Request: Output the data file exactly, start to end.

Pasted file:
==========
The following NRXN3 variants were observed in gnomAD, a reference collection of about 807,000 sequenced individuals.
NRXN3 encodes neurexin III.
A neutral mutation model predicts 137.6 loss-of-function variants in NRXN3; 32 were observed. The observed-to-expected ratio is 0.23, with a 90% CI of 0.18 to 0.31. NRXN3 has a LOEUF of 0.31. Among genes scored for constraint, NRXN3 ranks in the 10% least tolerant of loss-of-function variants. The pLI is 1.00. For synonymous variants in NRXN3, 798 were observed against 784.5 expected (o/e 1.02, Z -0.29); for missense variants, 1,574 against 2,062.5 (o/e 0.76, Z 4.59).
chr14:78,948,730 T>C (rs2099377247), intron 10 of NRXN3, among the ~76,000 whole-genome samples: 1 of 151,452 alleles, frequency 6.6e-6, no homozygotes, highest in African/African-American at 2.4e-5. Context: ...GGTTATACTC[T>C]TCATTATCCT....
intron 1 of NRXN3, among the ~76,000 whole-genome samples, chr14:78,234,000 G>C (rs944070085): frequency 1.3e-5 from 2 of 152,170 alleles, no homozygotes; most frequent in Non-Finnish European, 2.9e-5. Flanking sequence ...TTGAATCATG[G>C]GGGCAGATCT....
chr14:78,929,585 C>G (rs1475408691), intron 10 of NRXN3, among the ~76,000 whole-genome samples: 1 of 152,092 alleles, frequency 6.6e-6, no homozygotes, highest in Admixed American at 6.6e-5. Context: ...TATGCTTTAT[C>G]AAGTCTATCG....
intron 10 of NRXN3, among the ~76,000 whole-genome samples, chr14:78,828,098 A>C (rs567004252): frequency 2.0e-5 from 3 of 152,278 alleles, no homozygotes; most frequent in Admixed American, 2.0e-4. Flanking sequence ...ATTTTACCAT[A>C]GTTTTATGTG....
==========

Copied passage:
The following NRXN3 variants were observed in gnomAD, a reference collection of about 807,000 sequenced individuals.
NRXN3 encodes neurexin III.
A neutral mutation model predicts 137.6 loss-of-function variants in NRXN3; 32 were observed. The observed-to-expected ratio is 0.23, with a 90% CI of 0.18 to 0.31. NRXN3 has a LOEUF of 0.31. Among genes scored for constraint, NRXN3 ranks in the 10% least tolerant of loss-of-function variants. The pLI is 1.00. For synonymous variants in NRXN3, 798 were observed against 784.5 expected (o/e 1.02, Z -0.29); for missense variants, 1,574 against 2,062.5 (o/e 0.76, Z 4.59).
chr14:78,948,730 T>C (rs2099377247), intron 10 of NRXN3, among the ~76,000 whole-genome samples: 1 of 151,452 alleles, frequency 6.6e-6, no homozygotes, highest in African/African-American at 2.4e-5. Context: ...GGTTATACTC[T>C]TCATTATCCT....
intron 1 of NRXN3, among the ~76,000 whole-genome samples, chr14:78,234,000 G>C (rs944070085): frequency 1.3e-5 from 2 of 152,170 alleles, no homozygotes; most frequent in Non-Finnish European, 2.9e-5. Flanking sequence ...TTGAATCATG[G>C]GGGCAGATCT....
chr14:78,929,585 C>G (rs1475408691), intron 10 of NRXN3, among the ~76,000 whole-genome samples: 1 of 152,092 alleles, frequency 6.6e-6, no homozygotes, highest in Admixed American at 6.6e-5. Context: ...TATGCTTTAT[C>G]AAGTCTATCG....
intron 10 of NRXN3, among the ~76,000 whole-genome samples, chr14:78,828,098 A>C (rs567004252): frequency 2.0e-5 from 3 of 152,278 alleles, no homozygotes; most frequent in Admixed American, 2.0e-4. Flanking sequence ...ATTTTACCAT[A>C]GTTTTATGTG....